Background: Within melanoma, comorbidity is associated with delayed diagnosis, advanced stage, and less aggressive treatment. Using the National Cancer Database (NCDB), this is the largest study to determine the influence of comorbidity (Charlson-Deyo) on receipt of adjuvant immunotherapy and survival in stage III melanoma.
Methods: We identified 10,739 patients with stage III melanoma between 2006-2012, for which high dose interferon was the standard adjuvant treatment. The probability of receipt was estimated using multivariable marginal logistic regression model, whereas survival was estimated using both the Kaplan-Meier method and multivariable marginal Cox regression model. Multivariable models adjusted for patient and facility-level characteristics.
Results: Greater receipt of adjuvant immunotherapy was observed in patients with fewer comorbidities (28.2%, 23.6%, and 13.8%, respectively, for 0, 1, and 2 or more comorbidities; P < .001). Patients with two or more comorbid conditions had a 44.0% lower adjusted odds of receiving adjuvant immunotherapy relative to patients with none (P < .001), and 45.5% lower adjusted odds relative to 1 comorbidity (P < .001). Regarding survival estimates, patients receiving adjuvant immunotherapy had significantly longer survival with fewer than 2 comorbid conditions (both P < .001); no difference was observed in patients with 2 or more (P = .077). In patients with no comorbidities, at 5-years postdiagnosis, 60.4% of those receiving adjuvant immunotherapy were alive compared to 49.8% of those who did not. In patients with 1 comorbid condition, 51.3% of those receiving adjuvant immunotherapy were alive compared to 37.7% of those who did not. The adjusted risk of death in patients who received adjuvant immunotherapy was not moderated by the number of comorbidities (χ2 = 0.51, P = .775). As such, the 20.4% lower risk of death favoring patients who received adjuvant immunotherapy (P < .001) was constant across different numbers of comorbidities. Lower risk of death and receipt of adjuvant immunotherapy were observed in younger patients with private insurance.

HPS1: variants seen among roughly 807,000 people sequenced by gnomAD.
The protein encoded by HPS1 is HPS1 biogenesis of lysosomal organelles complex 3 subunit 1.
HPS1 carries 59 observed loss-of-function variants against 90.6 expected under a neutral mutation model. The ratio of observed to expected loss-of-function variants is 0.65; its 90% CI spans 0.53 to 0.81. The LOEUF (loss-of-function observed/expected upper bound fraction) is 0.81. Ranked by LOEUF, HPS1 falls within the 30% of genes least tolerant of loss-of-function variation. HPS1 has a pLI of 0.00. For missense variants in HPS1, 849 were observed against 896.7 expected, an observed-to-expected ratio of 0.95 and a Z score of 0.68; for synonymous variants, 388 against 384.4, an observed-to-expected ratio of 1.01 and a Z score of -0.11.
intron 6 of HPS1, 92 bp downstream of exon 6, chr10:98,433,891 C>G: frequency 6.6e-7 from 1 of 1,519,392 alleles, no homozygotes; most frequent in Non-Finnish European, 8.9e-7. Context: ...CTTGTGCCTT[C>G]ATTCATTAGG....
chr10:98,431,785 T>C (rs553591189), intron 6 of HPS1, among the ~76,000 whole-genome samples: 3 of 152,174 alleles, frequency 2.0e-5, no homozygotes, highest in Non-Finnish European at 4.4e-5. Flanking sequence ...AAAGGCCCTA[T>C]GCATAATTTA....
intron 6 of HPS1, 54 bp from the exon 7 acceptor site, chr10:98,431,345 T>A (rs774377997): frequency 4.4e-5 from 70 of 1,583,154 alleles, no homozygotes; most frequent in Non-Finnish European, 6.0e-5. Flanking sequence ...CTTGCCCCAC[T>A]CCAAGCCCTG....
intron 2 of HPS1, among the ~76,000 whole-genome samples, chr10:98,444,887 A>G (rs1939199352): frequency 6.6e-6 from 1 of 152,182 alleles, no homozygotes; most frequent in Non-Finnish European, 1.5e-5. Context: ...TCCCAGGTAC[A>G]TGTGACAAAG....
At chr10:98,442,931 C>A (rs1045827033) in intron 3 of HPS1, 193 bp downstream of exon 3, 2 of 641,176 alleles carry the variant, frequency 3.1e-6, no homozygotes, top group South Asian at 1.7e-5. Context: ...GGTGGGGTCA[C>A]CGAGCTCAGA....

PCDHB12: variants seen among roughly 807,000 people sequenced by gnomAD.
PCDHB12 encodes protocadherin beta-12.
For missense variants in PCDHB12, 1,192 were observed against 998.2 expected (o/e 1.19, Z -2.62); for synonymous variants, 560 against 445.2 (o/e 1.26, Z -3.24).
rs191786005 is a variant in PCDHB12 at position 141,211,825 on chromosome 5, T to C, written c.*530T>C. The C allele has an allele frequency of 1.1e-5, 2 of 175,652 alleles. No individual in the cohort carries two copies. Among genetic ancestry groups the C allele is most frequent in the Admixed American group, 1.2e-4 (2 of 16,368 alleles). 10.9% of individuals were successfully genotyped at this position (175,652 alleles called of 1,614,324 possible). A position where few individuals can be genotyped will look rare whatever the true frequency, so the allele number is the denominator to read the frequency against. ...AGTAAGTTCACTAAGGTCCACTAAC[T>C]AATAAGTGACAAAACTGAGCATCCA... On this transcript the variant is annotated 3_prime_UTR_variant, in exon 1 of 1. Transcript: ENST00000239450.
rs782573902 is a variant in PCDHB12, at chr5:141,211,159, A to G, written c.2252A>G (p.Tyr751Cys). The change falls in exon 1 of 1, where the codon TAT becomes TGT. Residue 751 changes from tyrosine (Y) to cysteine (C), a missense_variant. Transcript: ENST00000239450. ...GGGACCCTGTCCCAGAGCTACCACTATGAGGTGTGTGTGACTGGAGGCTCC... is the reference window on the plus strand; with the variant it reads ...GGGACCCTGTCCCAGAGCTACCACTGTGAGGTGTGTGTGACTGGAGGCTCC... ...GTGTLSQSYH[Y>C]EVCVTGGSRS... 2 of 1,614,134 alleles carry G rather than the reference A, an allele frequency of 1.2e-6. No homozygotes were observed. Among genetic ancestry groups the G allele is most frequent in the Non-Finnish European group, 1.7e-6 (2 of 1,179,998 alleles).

Conclusions: Risk of death findings suggest that adjuvant immunotherapy works equally well across numbers of comorbidities, despite a decrease in receipt with greater comorbidity. Additionally, overall survival findings support this in patients with 1 comorbidity.